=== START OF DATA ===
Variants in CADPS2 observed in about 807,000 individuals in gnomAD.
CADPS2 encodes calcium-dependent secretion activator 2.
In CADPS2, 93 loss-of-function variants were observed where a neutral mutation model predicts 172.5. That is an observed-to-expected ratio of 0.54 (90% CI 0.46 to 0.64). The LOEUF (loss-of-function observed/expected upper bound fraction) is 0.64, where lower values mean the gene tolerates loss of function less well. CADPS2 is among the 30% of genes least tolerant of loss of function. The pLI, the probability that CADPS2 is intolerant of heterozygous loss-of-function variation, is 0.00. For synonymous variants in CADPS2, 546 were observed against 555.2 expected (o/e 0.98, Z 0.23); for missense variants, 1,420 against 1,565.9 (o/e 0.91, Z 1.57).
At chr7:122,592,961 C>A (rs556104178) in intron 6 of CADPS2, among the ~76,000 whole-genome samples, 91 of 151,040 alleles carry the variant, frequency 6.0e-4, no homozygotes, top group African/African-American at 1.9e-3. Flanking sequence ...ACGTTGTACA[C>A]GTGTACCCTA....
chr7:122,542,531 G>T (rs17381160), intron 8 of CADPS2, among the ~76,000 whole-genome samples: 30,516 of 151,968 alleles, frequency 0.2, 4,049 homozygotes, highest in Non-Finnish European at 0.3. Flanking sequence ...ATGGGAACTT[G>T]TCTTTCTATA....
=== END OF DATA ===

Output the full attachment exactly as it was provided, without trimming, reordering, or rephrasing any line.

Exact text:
Variants in CADPS2 observed in about 807,000 individuals in gnomAD.
CADPS2 encodes calcium-dependent secretion activator 2.
In CADPS2, 93 loss-of-function variants were observed where a neutral mutation model predicts 172.5. That is an observed-to-expected ratio of 0.54 (90% CI 0.46 to 0.64). The LOEUF (loss-of-function observed/expected upper bound fraction) is 0.64, where lower values mean the gene tolerates loss of function less well. CADPS2 is among the 30% of genes least tolerant of loss of function. The pLI, the probability that CADPS2 is intolerant of heterozygous loss-of-function variation, is 0.00. For synonymous variants in CADPS2, 546 were observed against 555.2 expected (o/e 0.98, Z 0.23); for missense variants, 1,420 against 1,565.9 (o/e 0.91, Z 1.57).
At chr7:122,592,961 C>A (rs556104178) in intron 6 of CADPS2, among the ~76,000 whole-genome samples, 91 of 151,040 alleles carry the variant, frequency 6.0e-4, no homozygotes, top group African/African-American at 1.9e-3. Flanking sequence ...ACGTTGTACA[C>A]GTGTACCCTA....
chr7:122,542,531 G>T (rs17381160), intron 8 of CADPS2, among the ~76,000 whole-genome samples: 30,516 of 151,968 alleles, frequency 0.2, 4,049 homozygotes, highest in Non-Finnish European at 0.3. Flanking sequence ...ATGGGAACTT[G>T]TCTTTCTATA....